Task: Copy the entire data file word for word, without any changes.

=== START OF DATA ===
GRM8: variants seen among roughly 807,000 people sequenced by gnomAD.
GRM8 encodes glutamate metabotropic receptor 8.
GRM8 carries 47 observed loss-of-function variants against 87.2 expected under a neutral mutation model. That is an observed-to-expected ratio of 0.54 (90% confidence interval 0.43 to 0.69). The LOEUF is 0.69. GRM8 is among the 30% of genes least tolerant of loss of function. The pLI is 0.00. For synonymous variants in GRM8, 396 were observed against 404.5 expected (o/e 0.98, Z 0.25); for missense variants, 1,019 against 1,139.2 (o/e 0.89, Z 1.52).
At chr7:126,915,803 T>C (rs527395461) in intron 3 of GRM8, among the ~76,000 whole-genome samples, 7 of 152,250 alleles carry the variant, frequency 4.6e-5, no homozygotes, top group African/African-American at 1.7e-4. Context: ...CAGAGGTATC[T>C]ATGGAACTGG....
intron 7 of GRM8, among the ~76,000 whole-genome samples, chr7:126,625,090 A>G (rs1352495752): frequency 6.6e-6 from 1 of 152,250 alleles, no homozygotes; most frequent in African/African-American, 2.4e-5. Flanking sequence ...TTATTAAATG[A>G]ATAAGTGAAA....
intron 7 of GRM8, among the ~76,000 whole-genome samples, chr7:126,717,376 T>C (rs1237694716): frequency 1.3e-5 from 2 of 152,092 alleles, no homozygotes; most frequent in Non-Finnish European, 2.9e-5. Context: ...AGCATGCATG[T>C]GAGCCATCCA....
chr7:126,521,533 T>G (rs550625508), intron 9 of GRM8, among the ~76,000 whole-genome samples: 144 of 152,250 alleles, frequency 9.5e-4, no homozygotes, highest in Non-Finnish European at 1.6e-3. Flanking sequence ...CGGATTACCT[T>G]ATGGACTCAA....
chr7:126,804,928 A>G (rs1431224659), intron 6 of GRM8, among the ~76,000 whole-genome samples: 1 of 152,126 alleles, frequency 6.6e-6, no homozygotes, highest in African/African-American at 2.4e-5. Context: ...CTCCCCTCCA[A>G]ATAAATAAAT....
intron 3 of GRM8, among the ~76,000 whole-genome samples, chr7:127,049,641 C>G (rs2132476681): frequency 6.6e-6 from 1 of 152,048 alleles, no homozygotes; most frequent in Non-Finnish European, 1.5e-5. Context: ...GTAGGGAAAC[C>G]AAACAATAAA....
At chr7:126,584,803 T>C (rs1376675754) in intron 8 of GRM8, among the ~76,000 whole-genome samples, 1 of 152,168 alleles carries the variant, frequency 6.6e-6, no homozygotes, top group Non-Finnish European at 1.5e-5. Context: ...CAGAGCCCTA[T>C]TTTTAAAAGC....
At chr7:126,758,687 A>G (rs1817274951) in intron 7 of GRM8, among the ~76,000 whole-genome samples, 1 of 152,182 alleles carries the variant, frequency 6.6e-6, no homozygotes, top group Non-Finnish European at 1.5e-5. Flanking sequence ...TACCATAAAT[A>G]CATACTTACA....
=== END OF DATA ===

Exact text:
GRM8: variants seen among roughly 807,000 people sequenced by gnomAD.
GRM8 encodes glutamate metabotropic receptor 8.
GRM8 carries 47 observed loss-of-function variants against 87.2 expected under a neutral mutation model. That is an observed-to-expected ratio of 0.54 (90% confidence interval 0.43 to 0.69). The LOEUF is 0.69. GRM8 is among the 30% of genes least tolerant of loss of function. The pLI is 0.00. For synonymous variants in GRM8, 396 were observed against 404.5 expected (o/e 0.98, Z 0.25); for missense variants, 1,019 against 1,139.2 (o/e 0.89, Z 1.52).
At chr7:126,915,803 T>C (rs527395461) in intron 3 of GRM8, among the ~76,000 whole-genome samples, 7 of 152,250 alleles carry the variant, frequency 4.6e-5, no homozygotes, top group African/African-American at 1.7e-4. Context: ...CAGAGGTATC[T>C]ATGGAACTGG....
intron 7 of GRM8, among the ~76,000 whole-genome samples, chr7:126,625,090 A>G (rs1352495752): frequency 6.6e-6 from 1 of 152,250 alleles, no homozygotes; most frequent in African/African-American, 2.4e-5. Flanking sequence ...TTATTAAATG[A>G]ATAAGTGAAA....
intron 7 of GRM8, among the ~76,000 whole-genome samples, chr7:126,717,376 T>C (rs1237694716): frequency 1.3e-5 from 2 of 152,092 alleles, no homozygotes; most frequent in Non-Finnish European, 2.9e-5. Context: ...AGCATGCATG[T>C]GAGCCATCCA....
chr7:126,521,533 T>G (rs550625508), intron 9 of GRM8, among the ~76,000 whole-genome samples: 144 of 152,250 alleles, frequency 9.5e-4, no homozygotes, highest in Non-Finnish European at 1.6e-3. Flanking sequence ...CGGATTACCT[T>G]ATGGACTCAA....
chr7:126,804,928 A>G (rs1431224659), intron 6 of GRM8, among the ~76,000 whole-genome samples: 1 of 152,126 alleles, frequency 6.6e-6, no homozygotes, highest in African/African-American at 2.4e-5. Context: ...CTCCCCTCCA[A>G]ATAAATAAAT....
intron 3 of GRM8, among the ~76,000 whole-genome samples, chr7:127,049,641 C>G (rs2132476681): frequency 6.6e-6 from 1 of 152,048 alleles, no homozygotes; most frequent in Non-Finnish European, 1.5e-5. Context: ...GTAGGGAAAC[C>G]AAACAATAAA....
At chr7:126,584,803 T>C (rs1376675754) in intron 8 of GRM8, among the ~76,000 whole-genome samples, 1 of 152,168 alleles carries the variant, frequency 6.6e-6, no homozygotes, top group Non-Finnish European at 1.5e-5. Context: ...CAGAGCCCTA[T>C]TTTTAAAAGC....
At chr7:126,758,687 A>G (rs1817274951) in intron 7 of GRM8, among the ~76,000 whole-genome samples, 1 of 152,182 alleles carries the variant, frequency 6.6e-6, no homozygotes, top group Non-Finnish European at 1.5e-5. Flanking sequence ...TACCATAAAT[A>G]CATACTTACA....